Elkhart window maker looking to grow

State Wide is focusing on how to double its size during the next five years. 

Posted on June 28, 2014 at 9:02 p.m.

Like most people, Hollie Fearnow-Vicens likes Fridays, but not just because it’s the end of the work week.

Her employer of 16 years, Elkhart-based State Wide Windows, runs production nine hours a day, Monday through Thursday, and just four hours on Friday, so employees, 60 percent of whom are female, can have Friday afternoons to run errands or schedule their children’s doctor’s appointments, or perhaps just have a few hours for themselves in the hectic work week.

"I think it beneifts a lot of us because you’re off on Friday afternoons as moms or as wives,“ said Fearnow-Vicens. ”You get time to get your stuff done before your kids get home, before your husband gets home. I love it.“

Another thing she likes is how State Wide’s production schedule corresponds to weather-related school delays or closures in the winter, something not all Elkhart manufacturers follow.

The company also focuses heavily on workplace safety. Machinery is often equipped with guards that protect workers, beyond what is typically required by federal safety regulations. Before June 16, when an employee suffered a minor injury on the job, they had gone two years without a workplace injury. The national average for metal window and door manufacturers was 6.3 reportable workplace injuries in 2012, the most recent year for which statistics were available from the U.S. Occupational Health and Safety Administration.

State Wide still is riding an 826-day streak without an injury that has caused an employee to miss work.

Company officials hope the family-friendly philosophy, along with the focus on workplace safety, will be key factors in their plans to double in size over the next five years. To accomplish that goal, the company 18 months ago recruited vice president and general manager Jim Johnson away from Elkhart-basd airhorn maker Hadley Products. 

The company isn’t new, having been founded in 1941 as State Wide Aluminum, but it views itself as somewhat of an upstart as it sets its sights on the recreational vehicle industry. Historically, the company has mostly made windows for the truck cap and horse trailer markets.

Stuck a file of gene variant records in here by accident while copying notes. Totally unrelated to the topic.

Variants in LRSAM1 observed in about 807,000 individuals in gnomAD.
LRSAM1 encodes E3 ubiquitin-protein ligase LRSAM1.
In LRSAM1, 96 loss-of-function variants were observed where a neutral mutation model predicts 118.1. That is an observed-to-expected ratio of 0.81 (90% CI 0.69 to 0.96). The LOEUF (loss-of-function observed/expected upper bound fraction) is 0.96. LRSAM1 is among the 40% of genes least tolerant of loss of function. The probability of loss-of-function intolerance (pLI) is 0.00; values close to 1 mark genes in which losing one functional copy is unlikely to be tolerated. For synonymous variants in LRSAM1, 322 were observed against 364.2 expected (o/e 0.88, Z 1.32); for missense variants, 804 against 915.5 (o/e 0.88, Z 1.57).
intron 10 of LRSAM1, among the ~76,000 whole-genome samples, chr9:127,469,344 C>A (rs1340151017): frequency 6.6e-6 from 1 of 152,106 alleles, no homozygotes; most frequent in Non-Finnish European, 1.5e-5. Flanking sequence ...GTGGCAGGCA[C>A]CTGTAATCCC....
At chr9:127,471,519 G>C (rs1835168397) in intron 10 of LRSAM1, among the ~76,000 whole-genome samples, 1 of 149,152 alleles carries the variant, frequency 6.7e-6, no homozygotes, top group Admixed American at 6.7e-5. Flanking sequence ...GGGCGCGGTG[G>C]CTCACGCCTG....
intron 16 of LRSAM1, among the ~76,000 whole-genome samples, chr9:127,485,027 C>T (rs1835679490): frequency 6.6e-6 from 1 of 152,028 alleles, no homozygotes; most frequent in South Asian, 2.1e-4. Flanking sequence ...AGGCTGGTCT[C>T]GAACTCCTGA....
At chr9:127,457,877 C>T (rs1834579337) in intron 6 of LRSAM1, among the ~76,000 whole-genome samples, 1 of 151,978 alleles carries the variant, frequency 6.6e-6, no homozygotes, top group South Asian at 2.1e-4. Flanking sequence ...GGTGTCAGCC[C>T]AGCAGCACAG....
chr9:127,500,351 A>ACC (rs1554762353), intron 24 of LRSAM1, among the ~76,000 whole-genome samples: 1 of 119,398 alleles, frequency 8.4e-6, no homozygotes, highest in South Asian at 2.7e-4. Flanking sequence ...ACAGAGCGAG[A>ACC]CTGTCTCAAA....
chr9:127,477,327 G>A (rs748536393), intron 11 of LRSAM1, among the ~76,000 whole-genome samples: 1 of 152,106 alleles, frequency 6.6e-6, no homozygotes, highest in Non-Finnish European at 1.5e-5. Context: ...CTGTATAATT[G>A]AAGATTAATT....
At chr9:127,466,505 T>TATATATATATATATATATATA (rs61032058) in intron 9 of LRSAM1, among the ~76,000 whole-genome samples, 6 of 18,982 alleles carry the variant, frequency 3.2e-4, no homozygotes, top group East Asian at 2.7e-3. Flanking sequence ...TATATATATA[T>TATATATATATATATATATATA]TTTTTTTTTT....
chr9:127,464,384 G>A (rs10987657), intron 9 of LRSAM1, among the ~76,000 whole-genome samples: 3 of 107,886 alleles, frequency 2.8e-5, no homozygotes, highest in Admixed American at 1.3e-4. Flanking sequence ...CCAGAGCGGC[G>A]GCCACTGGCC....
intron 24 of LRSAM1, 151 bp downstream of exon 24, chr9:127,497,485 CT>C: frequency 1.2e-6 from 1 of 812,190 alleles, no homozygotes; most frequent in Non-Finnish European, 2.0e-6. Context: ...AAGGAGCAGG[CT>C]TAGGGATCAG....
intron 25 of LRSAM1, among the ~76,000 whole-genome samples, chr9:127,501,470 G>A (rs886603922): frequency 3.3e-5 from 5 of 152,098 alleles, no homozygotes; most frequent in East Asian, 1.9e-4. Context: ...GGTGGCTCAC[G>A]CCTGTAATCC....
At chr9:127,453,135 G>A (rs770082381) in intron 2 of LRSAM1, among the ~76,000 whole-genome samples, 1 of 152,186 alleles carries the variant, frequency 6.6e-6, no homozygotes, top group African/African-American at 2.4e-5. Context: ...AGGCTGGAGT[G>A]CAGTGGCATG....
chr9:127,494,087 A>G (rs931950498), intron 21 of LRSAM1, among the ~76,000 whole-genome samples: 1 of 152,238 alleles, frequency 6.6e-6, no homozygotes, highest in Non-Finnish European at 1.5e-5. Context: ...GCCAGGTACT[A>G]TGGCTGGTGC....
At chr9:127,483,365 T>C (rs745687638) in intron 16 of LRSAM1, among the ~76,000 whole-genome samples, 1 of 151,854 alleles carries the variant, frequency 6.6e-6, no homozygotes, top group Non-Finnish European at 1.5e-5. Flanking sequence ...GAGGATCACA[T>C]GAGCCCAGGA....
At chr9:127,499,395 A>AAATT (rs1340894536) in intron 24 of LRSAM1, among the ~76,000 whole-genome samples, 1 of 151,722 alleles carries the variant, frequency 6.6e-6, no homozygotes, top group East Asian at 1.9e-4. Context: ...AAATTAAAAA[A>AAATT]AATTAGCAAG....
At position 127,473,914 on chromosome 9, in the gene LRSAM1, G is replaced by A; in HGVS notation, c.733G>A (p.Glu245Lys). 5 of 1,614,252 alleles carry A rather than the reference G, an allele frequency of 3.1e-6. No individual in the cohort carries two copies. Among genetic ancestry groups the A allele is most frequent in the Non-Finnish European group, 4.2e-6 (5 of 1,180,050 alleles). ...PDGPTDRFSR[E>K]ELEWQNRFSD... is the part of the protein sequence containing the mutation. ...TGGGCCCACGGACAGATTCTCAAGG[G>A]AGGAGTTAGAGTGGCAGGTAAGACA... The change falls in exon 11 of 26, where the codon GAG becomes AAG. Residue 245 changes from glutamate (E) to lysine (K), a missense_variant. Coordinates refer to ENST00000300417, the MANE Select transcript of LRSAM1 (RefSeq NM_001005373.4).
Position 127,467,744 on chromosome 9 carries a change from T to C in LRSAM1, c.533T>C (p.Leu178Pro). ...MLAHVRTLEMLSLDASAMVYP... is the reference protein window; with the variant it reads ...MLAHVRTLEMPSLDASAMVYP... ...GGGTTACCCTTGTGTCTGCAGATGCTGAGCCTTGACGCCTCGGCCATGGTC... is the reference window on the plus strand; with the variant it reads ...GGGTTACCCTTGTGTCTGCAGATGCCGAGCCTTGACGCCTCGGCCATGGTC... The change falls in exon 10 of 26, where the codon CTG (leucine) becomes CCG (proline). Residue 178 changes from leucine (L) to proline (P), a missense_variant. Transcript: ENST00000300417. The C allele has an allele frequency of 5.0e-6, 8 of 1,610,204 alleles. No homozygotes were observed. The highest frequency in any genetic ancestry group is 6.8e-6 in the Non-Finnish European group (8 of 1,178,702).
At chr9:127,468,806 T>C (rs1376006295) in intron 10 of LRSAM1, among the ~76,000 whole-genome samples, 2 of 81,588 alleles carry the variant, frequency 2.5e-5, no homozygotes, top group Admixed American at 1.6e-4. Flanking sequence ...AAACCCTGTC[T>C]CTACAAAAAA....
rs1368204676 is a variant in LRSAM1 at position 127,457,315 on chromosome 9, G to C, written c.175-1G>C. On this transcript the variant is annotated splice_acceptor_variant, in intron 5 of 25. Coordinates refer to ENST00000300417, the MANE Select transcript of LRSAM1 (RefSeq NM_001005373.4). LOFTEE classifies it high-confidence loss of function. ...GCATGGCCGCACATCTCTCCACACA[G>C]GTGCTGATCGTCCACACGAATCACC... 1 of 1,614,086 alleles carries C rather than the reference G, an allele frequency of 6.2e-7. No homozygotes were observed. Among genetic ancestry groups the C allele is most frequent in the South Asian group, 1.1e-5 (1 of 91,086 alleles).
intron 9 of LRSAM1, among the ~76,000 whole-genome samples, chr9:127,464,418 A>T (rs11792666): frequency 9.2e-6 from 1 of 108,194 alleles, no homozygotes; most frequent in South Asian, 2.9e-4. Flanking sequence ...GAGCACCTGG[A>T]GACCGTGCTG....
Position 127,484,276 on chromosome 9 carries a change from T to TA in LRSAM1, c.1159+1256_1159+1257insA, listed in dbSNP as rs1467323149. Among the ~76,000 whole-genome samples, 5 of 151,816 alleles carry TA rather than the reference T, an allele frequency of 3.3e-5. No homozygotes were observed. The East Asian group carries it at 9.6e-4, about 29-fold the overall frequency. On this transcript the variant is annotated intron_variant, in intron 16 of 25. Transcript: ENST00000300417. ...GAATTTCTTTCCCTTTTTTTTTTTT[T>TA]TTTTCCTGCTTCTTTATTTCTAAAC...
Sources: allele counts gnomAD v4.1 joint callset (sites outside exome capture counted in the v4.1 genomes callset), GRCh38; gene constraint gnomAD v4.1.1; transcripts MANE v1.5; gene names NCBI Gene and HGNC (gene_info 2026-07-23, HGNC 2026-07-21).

But earlier this year, it initiated a name change to State Wide Window to heighten awareness of its primary product.

Last fall, national sales manager, Dan Wright, landed their first RV account, making frameless windows for Coachmen’s Class A buses. Wright said RV makers are increasingly looking for frameless windows, something State Wide has been making for truck caps and horse trailers since 1996.

They realize it will be tough to grab market share from much larger competitors Lippert Components Inc., located directly across the street on C.R. 6, and Clear Window. Wright thinks their smaller size will be an asset.

”When we’re talking to the customers, it’s Jim and Dan, rather than some corporate entity that it’s maybe hard to get them in the room to talk to,“ Wright said. ”If they say ’Hey we need to talk to you,’ Jim and I are in the car and we’re there. They know they’re talking to the decision makers.”

Johnson agreed.

“I believe there’s always room for quality, cost and delivery with a good business partner that delivers those three things with integrity,” Johnson said. “That’s what State Wide Aluminum was known for. We’re very customer-centric. We’re trying to make the transition from a supplier to a solutions provider, so we’re going into companies with ideas of what can we do different. What’s innovative? What can we change?”

State Wide now employs about 150 people in two buildings containing about 150,000 square feet. They have 11 production lines that build 38 different products, producing nearly 9,000 doors and windows per week. The dominant products are the cap windows and horse trailers windows, but they’re also making windows for conversion vans, along with some specialty products, such as windows for pop-up duck blinds and aftermarket Jeep hardtops. They still sell some aluminum for a small number of older clients but it’s something they’re trying to move away from.“

“We recognize we could outgrow this facility,” Johnson said. “We’re currently evaluating our options, whether we want to build anew or look at some other lease opportunities ... maybe building one large complex so we can house everything. We think there’s economies in having everything in one large building.”

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